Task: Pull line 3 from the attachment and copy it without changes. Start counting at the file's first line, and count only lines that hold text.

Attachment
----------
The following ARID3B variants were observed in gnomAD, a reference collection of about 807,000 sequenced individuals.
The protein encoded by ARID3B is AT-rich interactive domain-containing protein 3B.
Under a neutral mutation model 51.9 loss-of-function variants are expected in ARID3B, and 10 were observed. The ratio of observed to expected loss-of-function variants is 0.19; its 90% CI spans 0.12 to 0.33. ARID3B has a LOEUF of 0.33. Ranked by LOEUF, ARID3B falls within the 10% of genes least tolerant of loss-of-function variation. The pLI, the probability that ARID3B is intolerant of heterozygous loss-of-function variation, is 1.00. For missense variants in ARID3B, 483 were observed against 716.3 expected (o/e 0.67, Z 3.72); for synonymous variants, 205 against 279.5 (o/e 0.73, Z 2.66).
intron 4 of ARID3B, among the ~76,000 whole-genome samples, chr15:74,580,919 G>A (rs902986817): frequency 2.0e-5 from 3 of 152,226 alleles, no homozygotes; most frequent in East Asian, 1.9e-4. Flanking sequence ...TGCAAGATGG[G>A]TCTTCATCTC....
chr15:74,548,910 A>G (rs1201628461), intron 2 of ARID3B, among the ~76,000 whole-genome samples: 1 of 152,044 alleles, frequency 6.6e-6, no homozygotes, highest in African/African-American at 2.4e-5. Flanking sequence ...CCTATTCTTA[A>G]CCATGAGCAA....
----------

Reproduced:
Under a neutral mutation model 51.9 loss-of-function variants are expected in ARID3B, and 10 were observed. The ratio of observed to expected loss-of-function variants is 0.19; its 90% CI spans 0.12 to 0.33. ARID3B has a LOEUF of 0.33. Ranked by LOEUF, ARID3B falls within the 10% of genes least tolerant of loss-of-function variation. The pLI, the probability that ARID3B is intolerant of heterozygous loss-of-function variation, is 1.00. For missense variants in ARID3B, 483 were observed against 716.3 expected (o/e 0.67, Z 3.72); for synonymous variants, 205 against 279.5 (o/e 0.73, Z 2.66).